Sin and luck, death, birth and reincarnation – all combined in one of the most fascinating, oldest and holiest cities of India. Hindu pilgrims gather from all over the country to wash themselves free of all sin and guilt at the shores of the river Ganges. In addition to that, an old ritual attracts thousands of pilgrims: they seek to cremate their relatives at the burning ghats of the river.
This ritual is nothing for the faint-hearted: right here at the riverbanks, where Indian believers bathe themselves, dead bodies are carried to the river by male relatives of the corpses (the oldest son has shorn the hair). They wash these bodies in the river water and wrap a piece of cloth around the carcass. Afterwards, the corpse is being laid down on a funeral pyre and is burned at the stake. Death is believed to be a sanctuary sleep prior to reincarnation. The death deity Yama is powerless in Varanasi, for he may not carry the souls of the dead to hell.
Because this cremation is often incomplete, it is not only ash that is being thrown in the river, but also relics of the corpse! Small children, pregnant women, saints and invalids are not being burned, but rather dumped in the river together with heavy objects which keep them from floating. This technique is not flawless: once in a while, these dumped bodies float at the surface of the Ganges.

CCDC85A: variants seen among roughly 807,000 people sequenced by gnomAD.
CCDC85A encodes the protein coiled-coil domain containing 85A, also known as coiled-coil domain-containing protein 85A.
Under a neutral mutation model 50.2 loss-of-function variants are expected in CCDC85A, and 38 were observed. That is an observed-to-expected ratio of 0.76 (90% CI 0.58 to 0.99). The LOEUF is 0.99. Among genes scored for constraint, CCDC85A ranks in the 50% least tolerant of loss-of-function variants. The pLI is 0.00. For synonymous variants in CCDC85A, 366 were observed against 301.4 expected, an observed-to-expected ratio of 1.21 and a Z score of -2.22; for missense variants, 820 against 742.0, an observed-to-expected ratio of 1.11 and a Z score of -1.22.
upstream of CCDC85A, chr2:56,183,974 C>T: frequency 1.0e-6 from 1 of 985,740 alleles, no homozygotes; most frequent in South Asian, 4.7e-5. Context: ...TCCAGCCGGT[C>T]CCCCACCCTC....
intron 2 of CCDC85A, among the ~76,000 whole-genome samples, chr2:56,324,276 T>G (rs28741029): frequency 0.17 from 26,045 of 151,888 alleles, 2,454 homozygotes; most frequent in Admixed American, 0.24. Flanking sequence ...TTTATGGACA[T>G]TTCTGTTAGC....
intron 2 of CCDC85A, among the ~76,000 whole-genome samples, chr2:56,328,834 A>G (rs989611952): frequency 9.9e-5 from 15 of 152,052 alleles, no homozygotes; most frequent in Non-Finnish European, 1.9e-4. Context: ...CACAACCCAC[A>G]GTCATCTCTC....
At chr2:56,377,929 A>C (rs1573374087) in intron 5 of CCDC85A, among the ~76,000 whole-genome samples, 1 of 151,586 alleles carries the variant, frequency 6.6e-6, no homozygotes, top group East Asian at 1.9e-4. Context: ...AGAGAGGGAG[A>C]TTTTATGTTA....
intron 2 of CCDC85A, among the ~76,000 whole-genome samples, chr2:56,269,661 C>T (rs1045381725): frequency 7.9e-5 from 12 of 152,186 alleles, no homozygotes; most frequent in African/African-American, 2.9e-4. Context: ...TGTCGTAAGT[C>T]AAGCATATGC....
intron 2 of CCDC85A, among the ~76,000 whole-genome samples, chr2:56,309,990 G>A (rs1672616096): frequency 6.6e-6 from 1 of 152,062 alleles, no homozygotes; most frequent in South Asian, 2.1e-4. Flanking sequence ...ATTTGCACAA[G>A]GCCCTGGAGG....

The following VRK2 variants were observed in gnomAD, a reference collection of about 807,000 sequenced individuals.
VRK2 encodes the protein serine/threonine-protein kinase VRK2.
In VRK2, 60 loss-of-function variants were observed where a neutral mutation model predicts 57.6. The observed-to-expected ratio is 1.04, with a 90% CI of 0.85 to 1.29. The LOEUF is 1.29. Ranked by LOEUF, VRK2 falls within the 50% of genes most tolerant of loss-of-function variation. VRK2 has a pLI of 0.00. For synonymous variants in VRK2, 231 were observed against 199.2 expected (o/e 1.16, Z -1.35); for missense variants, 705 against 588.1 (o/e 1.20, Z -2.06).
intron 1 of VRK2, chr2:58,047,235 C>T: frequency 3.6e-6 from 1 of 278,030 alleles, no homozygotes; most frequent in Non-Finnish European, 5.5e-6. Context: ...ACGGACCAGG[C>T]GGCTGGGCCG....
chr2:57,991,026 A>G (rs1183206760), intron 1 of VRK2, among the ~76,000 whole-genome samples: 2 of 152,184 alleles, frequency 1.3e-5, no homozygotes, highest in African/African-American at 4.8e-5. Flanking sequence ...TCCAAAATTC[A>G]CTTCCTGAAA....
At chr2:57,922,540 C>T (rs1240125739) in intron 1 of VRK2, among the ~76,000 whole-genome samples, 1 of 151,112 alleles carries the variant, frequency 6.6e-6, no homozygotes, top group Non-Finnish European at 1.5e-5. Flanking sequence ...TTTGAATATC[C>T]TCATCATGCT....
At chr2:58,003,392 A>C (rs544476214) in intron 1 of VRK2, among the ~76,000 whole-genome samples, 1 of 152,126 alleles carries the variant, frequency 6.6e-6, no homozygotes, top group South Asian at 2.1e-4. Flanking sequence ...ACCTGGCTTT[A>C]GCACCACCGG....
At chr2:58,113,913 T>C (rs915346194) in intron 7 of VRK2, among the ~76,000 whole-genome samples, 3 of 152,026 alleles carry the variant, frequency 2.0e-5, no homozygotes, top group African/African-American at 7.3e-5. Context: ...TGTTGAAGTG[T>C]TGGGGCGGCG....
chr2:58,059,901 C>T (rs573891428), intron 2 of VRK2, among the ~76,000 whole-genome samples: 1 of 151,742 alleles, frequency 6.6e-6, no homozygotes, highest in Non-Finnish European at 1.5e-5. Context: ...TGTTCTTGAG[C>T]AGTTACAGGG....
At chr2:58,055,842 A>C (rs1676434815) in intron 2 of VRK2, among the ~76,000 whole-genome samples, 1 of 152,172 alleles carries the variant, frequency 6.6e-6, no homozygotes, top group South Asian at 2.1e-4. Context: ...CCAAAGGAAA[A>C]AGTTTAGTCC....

The fact that countless relics of dead people swim in the stream of the river alerts the clear-headed mind: How can this river be purifying for body and soul?
These irrational events at the ghats of the Ganges have yet a huge and magical power of attraction. Strolling down the river banks, you see happily bathing Indians as well as cows, herdsmen, Hindu priests, children playing in the dirt and mothers washing their clothes in the river. On the other hand, you experience foul smells and a tremendous amount of garbage which you have probably never seen before.
For perfect recreation, you can rest at one of the beautiful uphill-situated guesthouses with gorgeous views of the ghats for only a small amount of rupees.
A certain must-do is a boat trip at night in order to experience the magical rituals at the main ghat Dashashwamedh, together with hundreds of other boats, lights and flowers.
Let me give you only two words of advice:
Whenever a bosun encourages you to drink a sip of the “cleansing and healthy” river water – Don’t!
And whenever children tell you that the local Coke is produced of river water – Pass that Coke on!